DUI AND DEPORTATION
© 2013 Attorney Farhad Sethna
In previous articles on my blog, I had written about the immigration consequences of criminal convictions. One class of criminal activity results in perhaps the greatest number of aliens affected by deportation consequences. This is the class of offenses under DUI (driving under the influence) or driving while intoxicated. In some states, this may be called OVI (operating a vehicle under the influence). The “influence” refers to consumption of alcohol which impairs the driver. In some cases this might mean a drug or other substance which impairs the driver’s ability.
In either case the consequences of a DUI /OVI are severe:
It used to be that a conviction of a deportable offense would trigger an alien’s arrest by ICE. However, the Board of Immigration Appeals held in Matter of Guerra (24 I&N Dec.37, BIA 2006) that an alien could be detained by DHS even if he or she was not sentenced, but had been charged with committing a crime indicating that the alien was a danger to others. This of course included DUI arrests.
I have encountered several cases now where ICE agents have arrested an alien who has simply been charged with a DUI. Even though that alien has not yet had a court date or a trial, and has pled “not guilty”, ICE arrests him.
ICE’s position under Matter of Guerra is that as long as the alien presents a danger to others, the alien may be detained by ICE. It is then up to the immigration judge to determine whether the alien should be released.
This policy results in some very harsh consequences for the alien. If the alien is detained, it is impossible for him or her to defend himself in the underlying DUI charge. Failing to appear for court might even subject the alien to further criminal charges including failure to appear, being classified as a fugitive or having a warrant issued for his or her arrest.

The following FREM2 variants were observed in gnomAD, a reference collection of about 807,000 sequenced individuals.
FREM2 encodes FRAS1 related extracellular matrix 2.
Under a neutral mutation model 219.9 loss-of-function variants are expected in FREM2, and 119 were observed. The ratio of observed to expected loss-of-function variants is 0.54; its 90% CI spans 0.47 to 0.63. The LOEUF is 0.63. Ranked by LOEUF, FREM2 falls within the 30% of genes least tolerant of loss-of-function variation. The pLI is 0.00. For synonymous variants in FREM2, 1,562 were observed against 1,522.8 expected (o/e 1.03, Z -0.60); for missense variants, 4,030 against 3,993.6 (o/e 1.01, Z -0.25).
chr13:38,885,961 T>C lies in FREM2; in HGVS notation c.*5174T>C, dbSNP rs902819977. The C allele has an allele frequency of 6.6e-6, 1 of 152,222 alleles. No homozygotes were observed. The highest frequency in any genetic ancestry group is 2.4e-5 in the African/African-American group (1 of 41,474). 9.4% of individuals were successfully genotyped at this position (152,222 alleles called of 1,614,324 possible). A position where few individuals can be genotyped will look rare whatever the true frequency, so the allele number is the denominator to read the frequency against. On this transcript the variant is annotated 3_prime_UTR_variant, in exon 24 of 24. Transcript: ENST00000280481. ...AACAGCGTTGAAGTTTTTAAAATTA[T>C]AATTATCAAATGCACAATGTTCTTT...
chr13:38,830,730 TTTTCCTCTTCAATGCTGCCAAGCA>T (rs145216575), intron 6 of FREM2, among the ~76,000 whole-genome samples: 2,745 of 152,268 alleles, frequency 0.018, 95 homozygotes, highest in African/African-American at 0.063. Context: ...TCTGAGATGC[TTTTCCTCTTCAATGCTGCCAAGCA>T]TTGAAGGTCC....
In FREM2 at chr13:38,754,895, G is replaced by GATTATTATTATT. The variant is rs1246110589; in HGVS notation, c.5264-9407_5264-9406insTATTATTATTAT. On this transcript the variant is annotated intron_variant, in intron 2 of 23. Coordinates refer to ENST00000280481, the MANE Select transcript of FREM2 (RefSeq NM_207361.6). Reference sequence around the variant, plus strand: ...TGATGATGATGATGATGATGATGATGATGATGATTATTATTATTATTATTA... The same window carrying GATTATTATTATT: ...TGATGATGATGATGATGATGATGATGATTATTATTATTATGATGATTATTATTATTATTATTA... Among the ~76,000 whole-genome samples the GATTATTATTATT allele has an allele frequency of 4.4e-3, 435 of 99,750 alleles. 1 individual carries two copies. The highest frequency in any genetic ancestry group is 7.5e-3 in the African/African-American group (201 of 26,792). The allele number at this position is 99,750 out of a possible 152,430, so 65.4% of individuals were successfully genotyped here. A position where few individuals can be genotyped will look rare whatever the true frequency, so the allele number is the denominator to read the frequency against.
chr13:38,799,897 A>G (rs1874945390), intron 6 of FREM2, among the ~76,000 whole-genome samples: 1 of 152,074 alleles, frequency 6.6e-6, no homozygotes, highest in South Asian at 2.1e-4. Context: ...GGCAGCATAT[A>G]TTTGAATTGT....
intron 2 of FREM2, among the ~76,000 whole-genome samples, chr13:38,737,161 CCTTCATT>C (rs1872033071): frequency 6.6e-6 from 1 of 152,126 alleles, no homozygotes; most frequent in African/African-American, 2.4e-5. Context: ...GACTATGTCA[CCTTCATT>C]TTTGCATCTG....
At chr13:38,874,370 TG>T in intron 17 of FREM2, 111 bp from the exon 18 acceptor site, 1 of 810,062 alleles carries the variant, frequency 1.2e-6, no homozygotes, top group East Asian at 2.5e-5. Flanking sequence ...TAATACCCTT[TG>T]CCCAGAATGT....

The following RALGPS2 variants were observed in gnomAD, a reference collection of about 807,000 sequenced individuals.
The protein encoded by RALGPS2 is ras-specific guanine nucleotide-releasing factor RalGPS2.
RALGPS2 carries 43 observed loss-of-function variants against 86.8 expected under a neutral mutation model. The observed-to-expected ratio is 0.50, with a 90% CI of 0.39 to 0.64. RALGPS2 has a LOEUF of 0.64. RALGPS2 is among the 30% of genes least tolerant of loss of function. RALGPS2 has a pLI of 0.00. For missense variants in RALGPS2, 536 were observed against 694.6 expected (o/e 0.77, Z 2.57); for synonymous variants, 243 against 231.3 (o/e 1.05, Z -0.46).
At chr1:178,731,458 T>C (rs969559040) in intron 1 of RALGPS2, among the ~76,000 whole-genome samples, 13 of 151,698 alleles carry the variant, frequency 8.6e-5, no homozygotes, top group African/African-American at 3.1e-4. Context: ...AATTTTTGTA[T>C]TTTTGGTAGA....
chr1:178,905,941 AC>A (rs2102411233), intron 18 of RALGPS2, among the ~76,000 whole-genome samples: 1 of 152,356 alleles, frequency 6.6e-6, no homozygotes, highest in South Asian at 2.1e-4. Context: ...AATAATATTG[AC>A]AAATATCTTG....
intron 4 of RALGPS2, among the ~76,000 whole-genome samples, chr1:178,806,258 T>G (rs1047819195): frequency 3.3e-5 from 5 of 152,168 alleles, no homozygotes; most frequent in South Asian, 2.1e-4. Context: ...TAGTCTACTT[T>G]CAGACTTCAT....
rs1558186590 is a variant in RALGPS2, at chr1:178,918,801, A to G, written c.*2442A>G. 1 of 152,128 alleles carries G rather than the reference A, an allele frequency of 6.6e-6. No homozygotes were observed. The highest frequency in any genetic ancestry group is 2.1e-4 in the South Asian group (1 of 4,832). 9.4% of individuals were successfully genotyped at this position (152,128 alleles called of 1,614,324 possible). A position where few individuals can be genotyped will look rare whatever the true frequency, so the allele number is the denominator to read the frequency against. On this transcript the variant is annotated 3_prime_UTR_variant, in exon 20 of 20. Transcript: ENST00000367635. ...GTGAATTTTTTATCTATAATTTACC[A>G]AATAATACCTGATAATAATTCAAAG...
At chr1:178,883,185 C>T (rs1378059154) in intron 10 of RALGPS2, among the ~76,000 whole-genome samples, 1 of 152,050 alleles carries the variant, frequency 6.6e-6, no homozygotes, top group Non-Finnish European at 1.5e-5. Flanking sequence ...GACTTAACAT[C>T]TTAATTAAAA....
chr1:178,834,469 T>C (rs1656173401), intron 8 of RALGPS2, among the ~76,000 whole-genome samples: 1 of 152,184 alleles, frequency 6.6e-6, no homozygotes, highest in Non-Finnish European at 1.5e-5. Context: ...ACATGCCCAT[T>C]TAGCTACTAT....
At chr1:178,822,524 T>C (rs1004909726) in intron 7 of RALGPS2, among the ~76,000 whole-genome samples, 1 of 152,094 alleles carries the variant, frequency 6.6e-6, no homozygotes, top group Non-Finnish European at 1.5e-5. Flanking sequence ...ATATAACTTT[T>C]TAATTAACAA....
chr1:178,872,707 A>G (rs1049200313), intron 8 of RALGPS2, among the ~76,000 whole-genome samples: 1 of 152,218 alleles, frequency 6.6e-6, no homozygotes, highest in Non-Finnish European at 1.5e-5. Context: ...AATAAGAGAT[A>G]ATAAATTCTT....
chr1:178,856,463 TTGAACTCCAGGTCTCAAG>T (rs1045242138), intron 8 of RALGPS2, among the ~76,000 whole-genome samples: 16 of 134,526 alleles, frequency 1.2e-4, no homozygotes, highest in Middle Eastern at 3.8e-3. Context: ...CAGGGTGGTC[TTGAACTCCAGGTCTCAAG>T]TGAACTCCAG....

While the immigration court may order the release of an alien on sufficient bond or on such safeguards as the court deems necessary, the alien may have missed his or her court date to defend the DUI charge. Therefore, it is very important for the immigration counsel to work closely with the criminal defense counsel to alert the DUI court of the alien’s detention by the DHS and seek a continuance of the DUI case until such time that the alien is released from DHS’ custody.
Likewise, it is important for immigration counsel to understand the nature and circumstances of the alien’s arrest. Was it a first DUI or a fifth DUI? Is the alien eligible for any kind of substance abuse treatment which might prevent a recurrent of such incident? Given that immigration judges have broad leeway in granting bond, an alien should be well represented and prepared to convince the immigration judge on three main points: (1) The alien does not pose a threat to the community: (2)The alien is not a flight risk; and (3) The alien is not a threat to national security.
Given the prospect of indefinite detention with no bond, it is easy to see why a simple DUI or OVI offense can cast a very grim deportation consequence over any alien.
Copyright, Farhad Sethna, Attorney, 2013
About the author: Attorney Farhad Sethna has practiced law for over 20 years. Since 1996, he has been an adjunct professor of Immigration Law at the University of Akron, School of Law, in Akron, Ohio. His practice is limited to immigration and small business. With offices in Akron and Dover, Ohio, Attorney Sethna represents clients in all types of immigration cases. Our number is: (330)-384-8000. Please send your general immigration questions to AttorneySethna@immigration-america.com. We will try to answer as many questions as possible.
This is only general legal information. Please consult a qualified immigration attorney for advice on your specific case.